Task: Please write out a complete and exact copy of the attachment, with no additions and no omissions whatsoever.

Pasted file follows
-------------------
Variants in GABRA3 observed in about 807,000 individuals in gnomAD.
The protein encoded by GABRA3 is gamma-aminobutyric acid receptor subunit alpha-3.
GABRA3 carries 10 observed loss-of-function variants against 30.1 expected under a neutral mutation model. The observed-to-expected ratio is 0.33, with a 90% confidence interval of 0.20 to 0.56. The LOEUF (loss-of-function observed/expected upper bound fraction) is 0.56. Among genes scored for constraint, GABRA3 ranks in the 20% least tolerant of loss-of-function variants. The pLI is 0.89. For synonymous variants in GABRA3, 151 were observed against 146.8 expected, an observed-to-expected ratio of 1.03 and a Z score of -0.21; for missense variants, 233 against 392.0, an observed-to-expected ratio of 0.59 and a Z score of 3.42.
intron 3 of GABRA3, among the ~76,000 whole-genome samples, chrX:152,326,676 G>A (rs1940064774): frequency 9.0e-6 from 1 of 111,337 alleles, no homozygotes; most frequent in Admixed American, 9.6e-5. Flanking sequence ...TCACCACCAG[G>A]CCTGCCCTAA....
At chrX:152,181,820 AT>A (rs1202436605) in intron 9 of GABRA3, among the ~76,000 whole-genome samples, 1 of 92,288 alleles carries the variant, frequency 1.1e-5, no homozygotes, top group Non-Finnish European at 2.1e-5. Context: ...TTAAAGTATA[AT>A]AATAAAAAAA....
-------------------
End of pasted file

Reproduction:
Variants in GABRA3 observed in about 807,000 individuals in gnomAD.
The protein encoded by GABRA3 is gamma-aminobutyric acid receptor subunit alpha-3.
GABRA3 carries 10 observed loss-of-function variants against 30.1 expected under a neutral mutation model. The observed-to-expected ratio is 0.33, with a 90% confidence interval of 0.20 to 0.56. The LOEUF (loss-of-function observed/expected upper bound fraction) is 0.56. Among genes scored for constraint, GABRA3 ranks in the 20% least tolerant of loss-of-function variants. The pLI is 0.89. For synonymous variants in GABRA3, 151 were observed against 146.8 expected, an observed-to-expected ratio of 1.03 and a Z score of -0.21; for missense variants, 233 against 392.0, an observed-to-expected ratio of 0.59 and a Z score of 3.42.
intron 3 of GABRA3, among the ~76,000 whole-genome samples, chrX:152,326,676 G>A (rs1940064774): frequency 9.0e-6 from 1 of 111,337 alleles, no homozygotes; most frequent in Admixed American, 9.6e-5. Flanking sequence ...TCACCACCAG[G>A]CCTGCCCTAA....
At chrX:152,181,820 AT>A (rs1202436605) in intron 9 of GABRA3, among the ~76,000 whole-genome samples, 1 of 92,288 alleles carries the variant, frequency 1.1e-5, no homozygotes, top group Non-Finnish European at 2.1e-5. Context: ...TTAAAGTATA[AT>A]AATAAAAAAA....